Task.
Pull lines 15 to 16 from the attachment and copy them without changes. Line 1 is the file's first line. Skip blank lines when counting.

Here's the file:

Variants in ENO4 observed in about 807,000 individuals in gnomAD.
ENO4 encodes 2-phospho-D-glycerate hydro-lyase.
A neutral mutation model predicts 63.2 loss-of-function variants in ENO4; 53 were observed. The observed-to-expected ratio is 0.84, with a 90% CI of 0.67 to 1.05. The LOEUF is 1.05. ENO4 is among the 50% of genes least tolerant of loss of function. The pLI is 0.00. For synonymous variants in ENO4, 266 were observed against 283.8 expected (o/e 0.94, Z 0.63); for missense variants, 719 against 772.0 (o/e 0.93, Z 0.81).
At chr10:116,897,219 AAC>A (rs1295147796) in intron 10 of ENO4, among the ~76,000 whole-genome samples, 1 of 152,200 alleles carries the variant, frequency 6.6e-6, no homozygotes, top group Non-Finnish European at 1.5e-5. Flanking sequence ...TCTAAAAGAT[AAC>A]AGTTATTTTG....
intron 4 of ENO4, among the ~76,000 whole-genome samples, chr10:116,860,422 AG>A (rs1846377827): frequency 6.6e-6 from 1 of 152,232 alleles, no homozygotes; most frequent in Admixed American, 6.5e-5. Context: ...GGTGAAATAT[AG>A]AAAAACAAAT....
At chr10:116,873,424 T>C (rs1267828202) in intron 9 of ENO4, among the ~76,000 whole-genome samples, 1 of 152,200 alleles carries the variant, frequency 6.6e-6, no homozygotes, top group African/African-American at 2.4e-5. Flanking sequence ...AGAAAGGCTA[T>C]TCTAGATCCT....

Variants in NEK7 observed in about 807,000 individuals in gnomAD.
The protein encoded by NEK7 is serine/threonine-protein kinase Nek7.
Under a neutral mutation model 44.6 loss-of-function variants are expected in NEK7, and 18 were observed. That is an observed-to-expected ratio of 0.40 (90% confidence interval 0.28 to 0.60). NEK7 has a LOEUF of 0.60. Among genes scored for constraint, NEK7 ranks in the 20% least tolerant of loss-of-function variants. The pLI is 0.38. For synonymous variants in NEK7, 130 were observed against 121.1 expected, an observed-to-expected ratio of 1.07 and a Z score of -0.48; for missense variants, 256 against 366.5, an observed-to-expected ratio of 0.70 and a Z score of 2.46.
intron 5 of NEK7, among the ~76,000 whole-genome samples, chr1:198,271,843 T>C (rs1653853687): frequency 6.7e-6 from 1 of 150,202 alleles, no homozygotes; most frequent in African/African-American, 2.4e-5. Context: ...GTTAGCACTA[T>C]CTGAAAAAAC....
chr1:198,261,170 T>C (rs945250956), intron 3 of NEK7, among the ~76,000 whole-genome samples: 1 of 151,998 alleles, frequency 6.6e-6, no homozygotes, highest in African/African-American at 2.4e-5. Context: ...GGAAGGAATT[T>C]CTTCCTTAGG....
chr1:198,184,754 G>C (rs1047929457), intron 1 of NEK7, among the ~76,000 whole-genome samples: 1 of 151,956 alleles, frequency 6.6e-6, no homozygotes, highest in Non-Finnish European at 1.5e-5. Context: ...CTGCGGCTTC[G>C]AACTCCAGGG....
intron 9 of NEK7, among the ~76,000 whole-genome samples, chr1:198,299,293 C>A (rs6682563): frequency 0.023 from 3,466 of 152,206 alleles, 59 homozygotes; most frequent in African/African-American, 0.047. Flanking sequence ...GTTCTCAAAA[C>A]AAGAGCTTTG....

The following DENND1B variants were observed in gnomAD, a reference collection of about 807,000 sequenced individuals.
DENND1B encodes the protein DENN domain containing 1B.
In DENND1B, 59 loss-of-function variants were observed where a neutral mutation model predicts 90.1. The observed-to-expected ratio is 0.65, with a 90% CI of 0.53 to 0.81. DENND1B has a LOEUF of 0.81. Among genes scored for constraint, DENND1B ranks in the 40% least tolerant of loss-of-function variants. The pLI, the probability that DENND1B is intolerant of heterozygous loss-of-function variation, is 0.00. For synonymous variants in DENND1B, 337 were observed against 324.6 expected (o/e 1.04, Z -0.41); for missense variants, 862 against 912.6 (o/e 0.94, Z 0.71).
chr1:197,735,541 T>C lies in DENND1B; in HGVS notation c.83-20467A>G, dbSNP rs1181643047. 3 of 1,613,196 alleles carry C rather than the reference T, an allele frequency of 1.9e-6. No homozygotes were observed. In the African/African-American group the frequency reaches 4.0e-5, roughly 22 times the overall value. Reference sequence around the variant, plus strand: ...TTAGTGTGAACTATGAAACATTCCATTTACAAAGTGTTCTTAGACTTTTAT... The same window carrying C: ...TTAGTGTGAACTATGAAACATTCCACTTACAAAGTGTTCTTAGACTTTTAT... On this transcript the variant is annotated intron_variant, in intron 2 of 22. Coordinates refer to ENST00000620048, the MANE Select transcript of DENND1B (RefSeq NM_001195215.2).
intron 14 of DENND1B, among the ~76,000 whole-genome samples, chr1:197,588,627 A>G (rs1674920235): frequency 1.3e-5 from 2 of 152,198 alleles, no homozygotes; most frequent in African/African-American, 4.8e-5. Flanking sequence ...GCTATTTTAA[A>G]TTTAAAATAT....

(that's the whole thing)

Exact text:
DENND1B encodes the protein DENN domain containing 1B.
In DENND1B, 59 loss-of-function variants were observed where a neutral mutation model predicts 90.1. The observed-to-expected ratio is 0.65, with a 90% CI of 0.53 to 0.81. DENND1B has a LOEUF of 0.81. Among genes scored for constraint, DENND1B ranks in the 40% least tolerant of loss-of-function variants. The pLI, the probability that DENND1B is intolerant of heterozygous loss-of-function variation, is 0.00. For synonymous variants in DENND1B, 337 were observed against 324.6 expected (o/e 1.04, Z -0.41); for missense variants, 862 against 912.6 (o/e 0.94, Z 0.71).